No-one made Mini jokes the way they made Lada jokes. The aura of cool that made the Mini stand apart from its contemporaries when it was new managed to lift budget motoring out of stigmatised misery in the Eighties. Starting with the Renault 5, the rivals who created the supermini sector in the Seventies self-consciously embraced modernist design principles and incorporated showroom personalisation options to give their cars character. The fact that every small, cheap supermini also has to project fun and youthfulness in order to succeed nowadays is testament to the Mini’s lasting cultural legacy.
1966 Austin Cooper S
Engine 1275cc transverse four-cylinder, ohv, two SU HS2 carburettors
Max Power 76bhp @ 5800rpm
Max Torque 79lb ft @ 3000rpm
Transmission Four-speed manual, front-wheel drive
Steering Rack and pinion
Suspension Front: wishbones, Hydrolastic sphere, tie rod. Rear: trailing arm, Hydrolastic sphere
Brakes Discs front, drums rear, servo-assisted
Weight 653kg (1440lb)
Top speed: 97mph; 0-60mph: 10.9sec
Fuel consumption 30mpg
Cost new £756
Classic Cars Price Guide £20,000-£65,000
In the late Sixties, mews streets were incubators for the young and fashion-concious; Minis slotted right into their lifestyles and tiny stables-cum-garages. Pared-back proportions allowed owners to zip across the capital classlessly; vibrant BMC colour palette became an era-definer in automotive chronology. The Mini’s soaring sales figures weren’t down to it-people appeal alone; its dynamic breadth also attracted young professionals and wannabe rally drivers alike. 1966 Austin Cooper S in its natural cool-about-town habitat.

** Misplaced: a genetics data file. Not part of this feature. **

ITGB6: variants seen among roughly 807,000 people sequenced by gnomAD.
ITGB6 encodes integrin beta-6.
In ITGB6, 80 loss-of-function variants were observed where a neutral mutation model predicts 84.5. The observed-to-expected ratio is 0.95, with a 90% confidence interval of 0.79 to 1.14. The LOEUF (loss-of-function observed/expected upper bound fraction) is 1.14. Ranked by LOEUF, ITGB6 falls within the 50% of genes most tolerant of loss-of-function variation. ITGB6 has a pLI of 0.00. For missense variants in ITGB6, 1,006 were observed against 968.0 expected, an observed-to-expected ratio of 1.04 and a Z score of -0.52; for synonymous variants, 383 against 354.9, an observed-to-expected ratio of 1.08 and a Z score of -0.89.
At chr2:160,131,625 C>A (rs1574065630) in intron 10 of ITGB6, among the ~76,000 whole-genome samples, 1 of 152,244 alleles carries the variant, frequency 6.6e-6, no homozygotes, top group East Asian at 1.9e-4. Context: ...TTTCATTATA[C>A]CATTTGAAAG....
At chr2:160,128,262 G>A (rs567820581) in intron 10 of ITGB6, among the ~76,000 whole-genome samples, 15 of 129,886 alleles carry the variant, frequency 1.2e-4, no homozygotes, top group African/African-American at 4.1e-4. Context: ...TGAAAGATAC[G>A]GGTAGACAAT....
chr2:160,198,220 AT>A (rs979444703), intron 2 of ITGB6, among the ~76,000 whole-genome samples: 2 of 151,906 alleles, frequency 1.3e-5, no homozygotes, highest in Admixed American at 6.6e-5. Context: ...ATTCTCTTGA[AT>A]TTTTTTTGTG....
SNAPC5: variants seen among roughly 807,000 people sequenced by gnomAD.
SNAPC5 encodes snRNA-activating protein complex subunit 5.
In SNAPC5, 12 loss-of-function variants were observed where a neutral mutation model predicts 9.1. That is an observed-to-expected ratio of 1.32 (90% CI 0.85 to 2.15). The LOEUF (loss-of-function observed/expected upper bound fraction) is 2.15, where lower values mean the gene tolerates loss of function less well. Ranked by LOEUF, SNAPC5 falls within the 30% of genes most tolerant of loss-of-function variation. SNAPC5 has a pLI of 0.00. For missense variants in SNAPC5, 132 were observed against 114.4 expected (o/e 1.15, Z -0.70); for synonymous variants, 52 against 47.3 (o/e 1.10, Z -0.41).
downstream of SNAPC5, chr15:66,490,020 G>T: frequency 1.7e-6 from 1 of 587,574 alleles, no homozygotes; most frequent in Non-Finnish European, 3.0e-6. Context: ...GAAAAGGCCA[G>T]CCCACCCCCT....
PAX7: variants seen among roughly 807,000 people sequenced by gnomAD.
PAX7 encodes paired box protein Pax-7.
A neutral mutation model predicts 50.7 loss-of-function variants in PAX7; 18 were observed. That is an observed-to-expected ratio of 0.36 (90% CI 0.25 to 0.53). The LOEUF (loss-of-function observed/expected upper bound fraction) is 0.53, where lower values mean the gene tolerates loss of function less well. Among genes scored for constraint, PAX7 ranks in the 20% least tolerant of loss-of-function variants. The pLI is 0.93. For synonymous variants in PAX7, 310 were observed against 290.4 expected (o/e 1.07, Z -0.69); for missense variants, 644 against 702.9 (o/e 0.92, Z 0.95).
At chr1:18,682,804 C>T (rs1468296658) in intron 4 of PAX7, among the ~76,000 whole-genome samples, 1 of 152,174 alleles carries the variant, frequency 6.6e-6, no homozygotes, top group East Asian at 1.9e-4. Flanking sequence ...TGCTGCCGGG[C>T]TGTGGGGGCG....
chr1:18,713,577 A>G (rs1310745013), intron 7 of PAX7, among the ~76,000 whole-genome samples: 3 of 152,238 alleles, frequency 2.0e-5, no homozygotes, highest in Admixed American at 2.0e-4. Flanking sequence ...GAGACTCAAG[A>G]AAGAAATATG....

OWNING AN AUSTIN COOPER S
Police officer, Inspector Scott Johnson, owns this beautifully restored Cooper as part of a three-Mini collection. ‘I found out about it via a friend, who told me of “an old Mini” in his father’s garage in Wales, potentially going cheap. He didn’t know much about cars, so I thought it could be some old Eighties thing, but then he came back and said, “It’s a 1966 Austin Cooper S,” to which I replied “We’re taking a trip to Cardiff!”
‘It was in a terrible state, having been given a blow-over respray in Tartan Red to look like a works rally car, and rallied in later life. There were huge rust holes in the doors and wings, but I had to have it. I was at the wheel when it was dragged out of the barn, where it was left in 1975 – my birth year. It’s only had two owners and has now done 65,000 miles. ‘I entrusted the restoration to Somerford Minis which has respected its originality, saving all the original parts they could, including much of the interior trim, while returning it to its original Surf Blue colour.’